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College of William & Mary

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College of William & Mary

The College of William & Mary in Virginia (also known as The College, William & Mary, or W&M) is a public research university located in Williamsburg, Virginia, United States. Privately founded in 1693 by letters patent issued by King William III and Queen Mary II, it is the second-oldest institution of higher education in the United States after Harvard University.

William & Mary educated U.S. Presidents Thomas Jefferson, James Monroe, and John Tyler as well as other key figures important to the development of the nation, including U.S. Supreme Court Chief Justice John Marshall, Speaker of the House Henry Clay, and 16 signers of the Declaration of Independence. W&M founded the Phi Beta Kappa academic honor society in 1776 and was the first school of higher education in the United States to install an honor code of conduct for students. The establishment of graduate programs in law and medicine in 1779 make it one of the first universities in the United States.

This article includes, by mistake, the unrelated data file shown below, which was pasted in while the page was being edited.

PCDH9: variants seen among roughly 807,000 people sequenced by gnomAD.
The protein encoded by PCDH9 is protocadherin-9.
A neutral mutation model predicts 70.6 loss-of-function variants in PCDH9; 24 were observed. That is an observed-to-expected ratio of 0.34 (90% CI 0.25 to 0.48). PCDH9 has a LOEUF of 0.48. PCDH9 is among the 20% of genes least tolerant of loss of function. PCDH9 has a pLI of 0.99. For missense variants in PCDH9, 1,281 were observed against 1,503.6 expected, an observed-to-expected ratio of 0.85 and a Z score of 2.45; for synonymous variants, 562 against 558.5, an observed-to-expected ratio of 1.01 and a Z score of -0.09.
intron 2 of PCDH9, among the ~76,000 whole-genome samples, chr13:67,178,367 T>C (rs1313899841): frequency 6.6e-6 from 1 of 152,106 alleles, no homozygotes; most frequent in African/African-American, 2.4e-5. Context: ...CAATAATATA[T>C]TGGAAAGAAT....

In addition to its undergraduate program (which includes a joint degree program with the University of St Andrews and a joint engineering program with Columbia University), W&M is home to several graduate and professional schools, including law, business, public policy, education, marine science and colonial history.

List of College of William & Mary alumni

http://en.wikipedia.org/wiki/List_of_College_of_William_%26_Mary_alumni#Federal_Government

Alumni of the College of William and Mary have played important roles in shaping the United States. Three of the country's first ten presidents were educated there; only Harvard University, which educated five, can claim more.[4] The school is also the alma mater of four United States Supreme Court justices (including its longest-serving chief justice, John Marshall). Because the school was one of the only colleges existing in the Colonies, many colonial era notables enrolled including four signers of the Declaration of Independence and the first president of the Continental Congress, Peyton Randolph.

This list of alumni includes those who graduated, transferred to another school, dropped out, or were fully educated at the college but never received an academic degree.